“I’d rather expect consolidation and slow upwards movements towards the all-time high.”
Crypto total market cap chart. Source: Michaël van de Poppe

Van de Poppe nonetheless added that he expected altcoins to “outperform” while this was happening, these having suffered more acutely during Bitcoin’s consolidation phase.

“Slow upwards grind, slowly but surely accelerating towards a vertical move in Q3/Q4,” a further post predicted.

As Cointelegraph reported, however, not everyone shares these views. At the weekend, trader and commentator Credible Crypto revealed a belief that $60,000 or even lower should come next for BTC/USD.

U.S. jobs data, Fed headline macro week

The macro landscape will not be dominated by U.S. economic reports in the coming days.

Instead, the Fed takes center stage in the form of a slew of speaking appearances from senior officials.

While Chair Jerome Powell is not due to be among them, markets nonetheless watch the language used by governors and others for cues as to future policy.

The minutes from the May meeting of the Federal Open Market Committee, where interest rates were discussed, are due for release on May 22.

Thereafter, U.S. jobless claims could provide another bout of volatility for risk assets, continuing a trend in May and previous months.

At the same time, attention is increasingly focusing on favorable liquidity conditions in both the U.S. and beyond.

In his latest X content, financial commentator Tedtalksmacro suggested that crypto bull run is “far from over” as a result.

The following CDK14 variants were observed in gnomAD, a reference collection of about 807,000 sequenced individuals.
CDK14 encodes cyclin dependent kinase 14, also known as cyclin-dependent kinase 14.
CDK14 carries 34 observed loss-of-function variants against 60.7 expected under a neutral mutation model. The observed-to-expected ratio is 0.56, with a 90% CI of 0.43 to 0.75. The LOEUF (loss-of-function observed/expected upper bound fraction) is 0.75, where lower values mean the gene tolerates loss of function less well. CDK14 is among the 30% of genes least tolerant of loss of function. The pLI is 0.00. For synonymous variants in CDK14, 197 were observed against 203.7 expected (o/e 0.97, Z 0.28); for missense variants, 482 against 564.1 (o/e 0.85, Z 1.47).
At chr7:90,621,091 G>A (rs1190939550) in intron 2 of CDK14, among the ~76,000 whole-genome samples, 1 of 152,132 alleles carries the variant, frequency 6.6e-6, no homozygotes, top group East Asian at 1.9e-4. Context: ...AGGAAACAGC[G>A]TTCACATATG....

Tedtalksmacro flagged an early liquidity cycle now beginning, along with M2 money supply displaying “plenty of room to the upside for easing liquidity conditions.”

“While liquidity is definitely back in crypto (BTC ETFs), the velocity of inflow has not yet seen a manic phase consistent with cycle tops,” he continued about crypto market trends.

U.S. M2 money supply. Source: Tedtalksmacro

Bitcoin ETFs preempt “new faith” in BTC

Tedtalksmacro touched on what could shape up to be a strong comeback from the U.S. spot Bitcoin exchange-traded funds (ETFs).

After struggling for weeks on end since Bitcoin’s all-time highs in March, the spot ETF products are seeing renewed interest. Last week, inflows hit almost $1 billion — the best weekly performance since March.

“Expect these to only increase as price drifts higher and tradFi once again renew faith in the asset,” Tedtalksmacro concluded.

ETF demand lies within a new landscape. Bitcoin’s block subsidy is half of what it was in March, and large inflows cause the ETF providers to purchase much more BTC than that which is added to the supply by miners daily.

“Bitcoin ETFs have purchased 21,700 BTC ($1.5B) in the month to date,” Thomas Fahrer, CEO of crypto reviews portal Apollo, revealed last week.